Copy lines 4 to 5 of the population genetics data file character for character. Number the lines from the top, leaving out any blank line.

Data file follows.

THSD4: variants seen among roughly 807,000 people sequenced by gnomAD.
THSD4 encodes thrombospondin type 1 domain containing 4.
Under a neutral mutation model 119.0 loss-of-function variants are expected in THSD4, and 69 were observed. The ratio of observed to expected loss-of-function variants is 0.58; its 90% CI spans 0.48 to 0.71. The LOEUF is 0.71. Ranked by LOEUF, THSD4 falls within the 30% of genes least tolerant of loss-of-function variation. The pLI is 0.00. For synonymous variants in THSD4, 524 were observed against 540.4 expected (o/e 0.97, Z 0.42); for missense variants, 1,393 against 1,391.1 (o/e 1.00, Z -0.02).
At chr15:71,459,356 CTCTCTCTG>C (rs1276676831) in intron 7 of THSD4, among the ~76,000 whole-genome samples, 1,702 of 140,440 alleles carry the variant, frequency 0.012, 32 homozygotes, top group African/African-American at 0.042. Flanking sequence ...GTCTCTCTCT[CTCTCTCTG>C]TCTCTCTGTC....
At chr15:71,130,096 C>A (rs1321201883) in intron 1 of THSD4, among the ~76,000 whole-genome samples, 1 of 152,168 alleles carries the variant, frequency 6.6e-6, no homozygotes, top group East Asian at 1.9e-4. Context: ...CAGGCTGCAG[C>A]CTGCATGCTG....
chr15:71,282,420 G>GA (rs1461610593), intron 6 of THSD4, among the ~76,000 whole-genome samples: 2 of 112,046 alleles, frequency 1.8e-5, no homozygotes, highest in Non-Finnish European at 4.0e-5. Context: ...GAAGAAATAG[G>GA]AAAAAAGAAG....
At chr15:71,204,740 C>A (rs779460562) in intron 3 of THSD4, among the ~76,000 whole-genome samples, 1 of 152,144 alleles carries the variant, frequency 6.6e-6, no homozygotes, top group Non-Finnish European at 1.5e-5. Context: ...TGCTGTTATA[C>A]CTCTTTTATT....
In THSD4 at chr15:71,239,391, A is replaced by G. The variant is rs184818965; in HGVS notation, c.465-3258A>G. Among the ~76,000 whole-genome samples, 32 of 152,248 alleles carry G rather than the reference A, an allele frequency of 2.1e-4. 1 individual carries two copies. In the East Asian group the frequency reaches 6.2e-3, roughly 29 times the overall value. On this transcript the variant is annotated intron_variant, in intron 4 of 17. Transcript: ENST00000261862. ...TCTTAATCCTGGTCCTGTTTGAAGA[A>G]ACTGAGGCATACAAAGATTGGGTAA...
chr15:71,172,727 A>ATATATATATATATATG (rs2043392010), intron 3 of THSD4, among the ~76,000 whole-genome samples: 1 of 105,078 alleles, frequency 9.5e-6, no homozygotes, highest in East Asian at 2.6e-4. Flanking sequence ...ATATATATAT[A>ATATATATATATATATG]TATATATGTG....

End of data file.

At chr15:71,459,356 CTCTCTCTG>C (rs1276676831) in intron 7 of THSD4, among the ~76,000 whole-genome samples, 1,702 of 140,440 alleles carry the variant, frequency 0.012, 32 homozygotes, top group African/African-American at 0.042. Flanking sequence ...GTCTCTCTCT[CTCTCTCTG>C]TCTCTCTGTC....
At chr15:71,130,096 C>A (rs1321201883) in intron 1 of THSD4, among the ~76,000 whole-genome samples, 1 of 152,168 alleles carries the variant, frequency 6.6e-6, no homozygotes, top group East Asian at 1.9e-4. Context: ...CAGGCTGCAG[C>A]CTGCATGCTG....